County dedicates two works of public art at Allison-Parris Office Building

NEW CITY, NY –  Rockland County Executive Ed Day along with the Rockland County Art in Public Places Committee on Wednesday formally dedicated two works of art at the Allison-Parris County Office Building

“Public art provides an important venue for Rockland County residents and visitors to appreciate art outside of traditional museum settings,” the County Executive said.  “It says so much about our community that a group of volunteers, the Rockland County Art in Public Places Committee, are willing to work together to add beauty to our county.”

He thanked Kenneth Lisner and Erin Martin, the co-chairs of the Rockland County Art in Public Places Committee, as well as Legislator Harriet Cornell, who helped create the program.

Since 1986, one percent of the bonded capital cost of county government construction projects has been allocated for art. The Percent for Art Law was the first of its kind in the state outside of New York City.

“Waves of Change, “ is a 12-foot high glass and Cor-ten steel sculpture by Gordon Huether, situated in front of the County Office Building on New Hempstead Road. It reflects the winding rivers of the Hudson Valley, the majestic cliffs of the Palisades, and the growing and diverse population of Rockland County.

Gordon Huether attended the Pilchuck Glass School in Washington and has created installations for the Jacksonville International Airport, the LBJ School of Public Affairs at the University of Austin, Texas, and the Hiroshige Museum in Japan, among many others.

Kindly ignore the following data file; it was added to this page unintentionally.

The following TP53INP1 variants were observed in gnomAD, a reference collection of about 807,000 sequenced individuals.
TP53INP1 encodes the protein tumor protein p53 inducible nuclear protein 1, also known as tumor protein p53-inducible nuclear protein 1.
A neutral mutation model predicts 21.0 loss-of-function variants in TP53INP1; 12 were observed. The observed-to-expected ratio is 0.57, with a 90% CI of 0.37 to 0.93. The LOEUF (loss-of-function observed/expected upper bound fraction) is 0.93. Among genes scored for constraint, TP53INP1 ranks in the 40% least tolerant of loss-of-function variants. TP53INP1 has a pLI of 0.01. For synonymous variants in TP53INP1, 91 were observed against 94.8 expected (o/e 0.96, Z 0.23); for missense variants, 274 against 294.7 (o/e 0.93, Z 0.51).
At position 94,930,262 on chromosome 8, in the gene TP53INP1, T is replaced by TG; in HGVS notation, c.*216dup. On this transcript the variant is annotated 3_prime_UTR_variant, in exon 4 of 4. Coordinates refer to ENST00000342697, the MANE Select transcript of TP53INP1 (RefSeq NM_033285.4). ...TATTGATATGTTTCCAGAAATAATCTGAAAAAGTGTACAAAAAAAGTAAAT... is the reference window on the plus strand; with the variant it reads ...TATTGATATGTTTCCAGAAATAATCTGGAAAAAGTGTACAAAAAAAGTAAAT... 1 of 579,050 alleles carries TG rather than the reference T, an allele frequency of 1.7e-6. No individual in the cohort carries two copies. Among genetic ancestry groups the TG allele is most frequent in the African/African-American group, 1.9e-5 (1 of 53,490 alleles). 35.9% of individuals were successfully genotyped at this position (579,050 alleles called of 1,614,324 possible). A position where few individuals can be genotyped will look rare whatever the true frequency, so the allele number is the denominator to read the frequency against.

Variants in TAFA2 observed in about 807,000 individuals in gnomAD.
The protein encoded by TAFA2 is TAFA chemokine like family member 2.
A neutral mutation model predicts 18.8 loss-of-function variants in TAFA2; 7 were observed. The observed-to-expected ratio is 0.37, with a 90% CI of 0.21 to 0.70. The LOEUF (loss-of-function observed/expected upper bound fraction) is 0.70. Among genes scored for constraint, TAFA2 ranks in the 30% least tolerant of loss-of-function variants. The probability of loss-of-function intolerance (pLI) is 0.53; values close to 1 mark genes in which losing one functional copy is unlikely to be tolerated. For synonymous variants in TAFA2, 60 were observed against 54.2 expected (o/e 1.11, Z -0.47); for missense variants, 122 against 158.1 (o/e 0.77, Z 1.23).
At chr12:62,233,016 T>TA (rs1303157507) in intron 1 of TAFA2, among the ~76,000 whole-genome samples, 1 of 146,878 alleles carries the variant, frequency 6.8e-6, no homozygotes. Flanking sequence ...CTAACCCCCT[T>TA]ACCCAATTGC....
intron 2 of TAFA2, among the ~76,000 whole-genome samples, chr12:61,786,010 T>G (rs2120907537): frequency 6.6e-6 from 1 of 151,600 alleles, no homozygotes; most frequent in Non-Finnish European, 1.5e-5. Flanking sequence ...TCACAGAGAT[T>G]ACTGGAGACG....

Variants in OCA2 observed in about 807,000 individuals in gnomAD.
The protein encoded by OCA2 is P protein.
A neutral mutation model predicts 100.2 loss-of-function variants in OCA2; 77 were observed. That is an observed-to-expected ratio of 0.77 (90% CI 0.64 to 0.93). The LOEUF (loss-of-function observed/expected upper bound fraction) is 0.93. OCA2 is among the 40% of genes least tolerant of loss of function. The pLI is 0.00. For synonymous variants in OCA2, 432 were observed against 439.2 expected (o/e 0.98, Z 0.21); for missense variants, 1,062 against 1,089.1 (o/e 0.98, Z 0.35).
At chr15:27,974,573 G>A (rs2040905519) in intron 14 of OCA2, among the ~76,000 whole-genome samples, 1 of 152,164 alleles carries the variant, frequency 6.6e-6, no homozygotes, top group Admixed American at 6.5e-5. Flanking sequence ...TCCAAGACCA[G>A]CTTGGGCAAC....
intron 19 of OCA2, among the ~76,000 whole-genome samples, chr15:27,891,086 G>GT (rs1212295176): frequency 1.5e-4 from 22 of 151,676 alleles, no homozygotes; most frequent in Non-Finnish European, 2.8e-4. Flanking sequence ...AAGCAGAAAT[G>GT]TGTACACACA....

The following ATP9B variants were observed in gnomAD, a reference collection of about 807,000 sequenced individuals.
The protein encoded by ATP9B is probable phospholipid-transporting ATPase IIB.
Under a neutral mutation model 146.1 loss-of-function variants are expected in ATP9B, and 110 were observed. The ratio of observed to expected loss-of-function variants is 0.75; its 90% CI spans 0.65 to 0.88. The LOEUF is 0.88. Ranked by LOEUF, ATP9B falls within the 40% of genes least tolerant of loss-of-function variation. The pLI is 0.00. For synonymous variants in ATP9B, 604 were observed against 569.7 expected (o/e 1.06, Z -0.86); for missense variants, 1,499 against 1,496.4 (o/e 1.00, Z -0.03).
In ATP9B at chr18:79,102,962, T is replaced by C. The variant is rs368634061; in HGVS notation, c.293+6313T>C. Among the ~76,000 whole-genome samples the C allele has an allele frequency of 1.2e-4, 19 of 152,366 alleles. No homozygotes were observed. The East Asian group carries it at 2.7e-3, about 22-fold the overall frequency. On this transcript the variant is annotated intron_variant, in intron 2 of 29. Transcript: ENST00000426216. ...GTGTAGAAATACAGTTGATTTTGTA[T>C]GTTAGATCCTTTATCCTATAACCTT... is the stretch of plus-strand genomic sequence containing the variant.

County Executive Day also dedicated a portrait of his predecessor, C. Scott Vanderhoef, who served as County Executive from 1994 to 2013.

The portrait was installed in the Media Room, alongside a portrait of Rockland’s first County Executive, John Grant.

The work, by Janet Cunniffe-Chieffo, who also attended the ceremony, is a tribute to Vanderhoef’s years of service and to his commitment to the preservation of open spaces in Rockland County.

“I hope people remember the 1,200 acres of open space, the three farms saved and the 2,400 units of affordable housing during that 20 years,” Vanderhoef said as he thanked the Committee.

Additional Arts in Public Places projects will be unveiled at the Fire Training Center in Pomona, at the Sparkill Creek Drawbridge in Piermont and on the campus of the Dr. Robert L. Yeager Health Center where artist and long-time Pomona resident Bill Hochhausen is in the process of restoring his art deco bus shelter, first designed in 1990.

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